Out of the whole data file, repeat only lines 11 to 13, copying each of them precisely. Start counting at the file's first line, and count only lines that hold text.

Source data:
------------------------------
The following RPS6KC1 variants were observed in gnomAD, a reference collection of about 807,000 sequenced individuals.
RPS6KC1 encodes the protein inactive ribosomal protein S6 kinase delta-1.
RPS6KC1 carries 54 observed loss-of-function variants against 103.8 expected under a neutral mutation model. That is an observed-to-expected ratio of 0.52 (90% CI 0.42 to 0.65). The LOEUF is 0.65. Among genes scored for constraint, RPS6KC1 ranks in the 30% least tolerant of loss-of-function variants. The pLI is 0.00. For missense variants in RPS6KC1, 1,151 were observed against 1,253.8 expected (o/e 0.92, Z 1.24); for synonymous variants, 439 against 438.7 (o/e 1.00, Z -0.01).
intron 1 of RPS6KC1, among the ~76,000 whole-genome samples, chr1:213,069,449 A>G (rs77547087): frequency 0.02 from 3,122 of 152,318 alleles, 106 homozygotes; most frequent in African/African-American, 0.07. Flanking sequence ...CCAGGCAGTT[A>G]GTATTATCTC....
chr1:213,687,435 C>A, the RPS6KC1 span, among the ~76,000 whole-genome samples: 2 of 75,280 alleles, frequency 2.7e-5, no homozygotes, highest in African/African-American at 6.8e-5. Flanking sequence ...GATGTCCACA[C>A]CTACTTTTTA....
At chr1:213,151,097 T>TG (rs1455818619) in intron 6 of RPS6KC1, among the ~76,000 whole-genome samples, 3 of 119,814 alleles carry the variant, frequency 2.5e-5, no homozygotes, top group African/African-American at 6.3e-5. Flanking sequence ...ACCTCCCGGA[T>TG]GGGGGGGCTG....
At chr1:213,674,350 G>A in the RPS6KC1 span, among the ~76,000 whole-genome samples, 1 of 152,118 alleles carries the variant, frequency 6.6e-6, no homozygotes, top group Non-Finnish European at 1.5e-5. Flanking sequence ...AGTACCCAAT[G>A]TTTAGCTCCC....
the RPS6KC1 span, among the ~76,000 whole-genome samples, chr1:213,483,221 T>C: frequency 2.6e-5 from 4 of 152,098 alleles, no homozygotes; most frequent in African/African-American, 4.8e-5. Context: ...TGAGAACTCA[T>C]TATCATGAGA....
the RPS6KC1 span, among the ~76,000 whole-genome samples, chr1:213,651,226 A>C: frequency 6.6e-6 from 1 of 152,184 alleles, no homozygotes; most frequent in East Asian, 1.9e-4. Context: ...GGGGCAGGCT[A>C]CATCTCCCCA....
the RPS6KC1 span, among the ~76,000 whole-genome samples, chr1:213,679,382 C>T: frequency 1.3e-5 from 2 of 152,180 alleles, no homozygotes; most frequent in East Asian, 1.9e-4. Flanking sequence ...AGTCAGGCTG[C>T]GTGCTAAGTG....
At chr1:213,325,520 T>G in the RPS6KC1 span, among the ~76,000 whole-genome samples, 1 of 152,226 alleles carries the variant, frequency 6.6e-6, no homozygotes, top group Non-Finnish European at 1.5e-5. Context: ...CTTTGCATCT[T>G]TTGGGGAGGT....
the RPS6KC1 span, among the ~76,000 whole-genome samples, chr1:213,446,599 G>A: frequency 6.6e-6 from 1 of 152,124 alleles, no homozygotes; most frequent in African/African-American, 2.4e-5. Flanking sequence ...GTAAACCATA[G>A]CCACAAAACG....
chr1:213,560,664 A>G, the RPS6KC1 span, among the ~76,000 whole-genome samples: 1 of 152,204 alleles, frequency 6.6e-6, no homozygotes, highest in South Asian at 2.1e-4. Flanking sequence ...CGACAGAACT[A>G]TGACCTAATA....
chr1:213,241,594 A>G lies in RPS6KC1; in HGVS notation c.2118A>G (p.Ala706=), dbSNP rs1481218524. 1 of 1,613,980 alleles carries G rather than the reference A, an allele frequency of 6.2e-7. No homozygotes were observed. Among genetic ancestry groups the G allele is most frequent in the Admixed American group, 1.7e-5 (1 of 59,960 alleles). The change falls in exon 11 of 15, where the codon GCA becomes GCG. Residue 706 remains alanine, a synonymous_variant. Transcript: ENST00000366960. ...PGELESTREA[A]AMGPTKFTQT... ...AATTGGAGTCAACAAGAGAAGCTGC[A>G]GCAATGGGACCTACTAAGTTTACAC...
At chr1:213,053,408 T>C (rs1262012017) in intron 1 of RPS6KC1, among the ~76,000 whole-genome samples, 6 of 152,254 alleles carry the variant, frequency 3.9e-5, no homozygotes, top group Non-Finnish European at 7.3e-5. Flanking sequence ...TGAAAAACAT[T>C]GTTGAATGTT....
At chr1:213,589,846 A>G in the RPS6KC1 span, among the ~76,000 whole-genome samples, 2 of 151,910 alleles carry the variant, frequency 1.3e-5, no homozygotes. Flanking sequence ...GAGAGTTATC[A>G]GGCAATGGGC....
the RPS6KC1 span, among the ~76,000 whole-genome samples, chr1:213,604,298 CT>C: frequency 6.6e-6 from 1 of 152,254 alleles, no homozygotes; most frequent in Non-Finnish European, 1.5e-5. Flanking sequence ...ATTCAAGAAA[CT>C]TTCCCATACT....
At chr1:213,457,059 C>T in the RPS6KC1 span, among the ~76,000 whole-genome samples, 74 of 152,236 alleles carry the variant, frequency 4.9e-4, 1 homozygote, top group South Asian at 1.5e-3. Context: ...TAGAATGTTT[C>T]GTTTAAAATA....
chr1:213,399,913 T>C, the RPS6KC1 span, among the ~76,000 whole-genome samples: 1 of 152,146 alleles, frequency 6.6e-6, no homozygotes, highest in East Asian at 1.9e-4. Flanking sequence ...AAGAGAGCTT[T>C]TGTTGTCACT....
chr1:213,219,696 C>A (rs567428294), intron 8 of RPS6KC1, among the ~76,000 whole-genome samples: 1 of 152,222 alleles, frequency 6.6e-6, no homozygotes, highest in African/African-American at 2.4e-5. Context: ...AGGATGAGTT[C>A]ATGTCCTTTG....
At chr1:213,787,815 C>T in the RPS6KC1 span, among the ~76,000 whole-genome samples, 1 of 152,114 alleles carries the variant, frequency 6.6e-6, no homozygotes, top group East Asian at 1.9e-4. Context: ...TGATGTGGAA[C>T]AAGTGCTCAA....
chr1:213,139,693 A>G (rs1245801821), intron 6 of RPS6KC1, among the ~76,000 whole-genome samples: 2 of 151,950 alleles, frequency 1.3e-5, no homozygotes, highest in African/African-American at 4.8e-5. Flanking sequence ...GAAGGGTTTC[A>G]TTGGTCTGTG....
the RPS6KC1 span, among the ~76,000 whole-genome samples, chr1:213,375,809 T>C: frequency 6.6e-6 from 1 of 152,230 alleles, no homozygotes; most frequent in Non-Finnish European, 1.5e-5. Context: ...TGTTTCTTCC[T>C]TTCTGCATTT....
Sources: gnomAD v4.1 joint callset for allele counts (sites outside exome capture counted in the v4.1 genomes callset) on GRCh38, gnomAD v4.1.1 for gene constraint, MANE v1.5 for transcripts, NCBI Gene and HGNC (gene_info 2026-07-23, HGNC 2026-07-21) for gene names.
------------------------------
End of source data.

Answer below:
At chr1:213,325,520 T>G in the RPS6KC1 span, among the ~76,000 whole-genome samples, 1 of 152,226 alleles carries the variant, frequency 6.6e-6, no homozygotes, top group Non-Finnish European at 1.5e-5. Context: ...CTTTGCATCT[T>G]TTGGGGAGGT....
the RPS6KC1 span, among the ~76,000 whole-genome samples, chr1:213,446,599 G>A: frequency 6.6e-6 from 1 of 152,124 alleles, no homozygotes; most frequent in African/African-American, 2.4e-5. Flanking sequence ...GTAAACCATA[G>A]CCACAAAACG....
chr1:213,560,664 A>G, the RPS6KC1 span, among the ~76,000 whole-genome samples: 1 of 152,204 alleles, frequency 6.6e-6, no homozygotes, highest in South Asian at 2.1e-4. Flanking sequence ...CGACAGAACT[A>G]TGACCTAATA....